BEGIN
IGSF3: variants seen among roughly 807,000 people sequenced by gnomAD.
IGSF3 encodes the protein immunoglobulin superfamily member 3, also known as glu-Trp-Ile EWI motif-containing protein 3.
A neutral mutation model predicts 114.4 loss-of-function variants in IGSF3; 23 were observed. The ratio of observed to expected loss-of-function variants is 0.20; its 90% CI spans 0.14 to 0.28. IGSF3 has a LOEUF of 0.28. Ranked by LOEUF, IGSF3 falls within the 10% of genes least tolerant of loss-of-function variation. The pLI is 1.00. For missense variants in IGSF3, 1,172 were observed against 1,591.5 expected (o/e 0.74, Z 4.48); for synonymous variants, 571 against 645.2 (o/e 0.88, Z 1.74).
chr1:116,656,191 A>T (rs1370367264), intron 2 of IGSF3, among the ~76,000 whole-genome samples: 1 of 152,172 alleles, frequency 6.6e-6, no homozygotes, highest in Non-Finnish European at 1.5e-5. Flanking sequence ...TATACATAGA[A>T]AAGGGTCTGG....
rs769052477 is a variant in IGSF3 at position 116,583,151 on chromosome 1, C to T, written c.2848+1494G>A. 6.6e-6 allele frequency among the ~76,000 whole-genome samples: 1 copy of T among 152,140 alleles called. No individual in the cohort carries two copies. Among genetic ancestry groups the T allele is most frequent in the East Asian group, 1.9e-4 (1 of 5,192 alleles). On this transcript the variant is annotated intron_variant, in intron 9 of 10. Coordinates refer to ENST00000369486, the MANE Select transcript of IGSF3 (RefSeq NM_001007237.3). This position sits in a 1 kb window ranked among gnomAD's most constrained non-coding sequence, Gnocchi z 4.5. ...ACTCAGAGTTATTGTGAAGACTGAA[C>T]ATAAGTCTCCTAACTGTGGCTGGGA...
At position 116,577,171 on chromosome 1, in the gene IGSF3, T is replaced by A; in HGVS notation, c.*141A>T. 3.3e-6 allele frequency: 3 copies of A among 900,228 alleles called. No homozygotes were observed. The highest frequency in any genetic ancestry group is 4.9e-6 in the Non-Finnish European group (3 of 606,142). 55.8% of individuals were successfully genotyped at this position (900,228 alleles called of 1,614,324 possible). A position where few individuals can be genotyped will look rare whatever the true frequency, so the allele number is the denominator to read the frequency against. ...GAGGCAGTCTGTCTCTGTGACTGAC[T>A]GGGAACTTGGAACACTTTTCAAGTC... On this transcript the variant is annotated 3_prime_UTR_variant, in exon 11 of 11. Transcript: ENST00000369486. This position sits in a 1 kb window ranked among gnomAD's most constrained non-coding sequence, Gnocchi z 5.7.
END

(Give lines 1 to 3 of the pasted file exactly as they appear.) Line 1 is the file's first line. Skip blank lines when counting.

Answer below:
IGSF3: variants seen among roughly 807,000 people sequenced by gnomAD.
IGSF3 encodes the protein immunoglobulin superfamily member 3, also known as glu-Trp-Ile EWI motif-containing protein 3.
A neutral mutation model predicts 114.4 loss-of-function variants in IGSF3; 23 were observed. The ratio of observed to expected loss-of-function variants is 0.20; its 90% CI spans 0.14 to 0.28. IGSF3 has a LOEUF of 0.28. Ranked by LOEUF, IGSF3 falls within the 10% of genes least tolerant of loss-of-function variation. The pLI is 1.00. For missense variants in IGSF3, 1,172 were observed against 1,591.5 expected (o/e 0.74, Z 4.48); for synonymous variants, 571 against 645.2 (o/e 0.88, Z 1.74).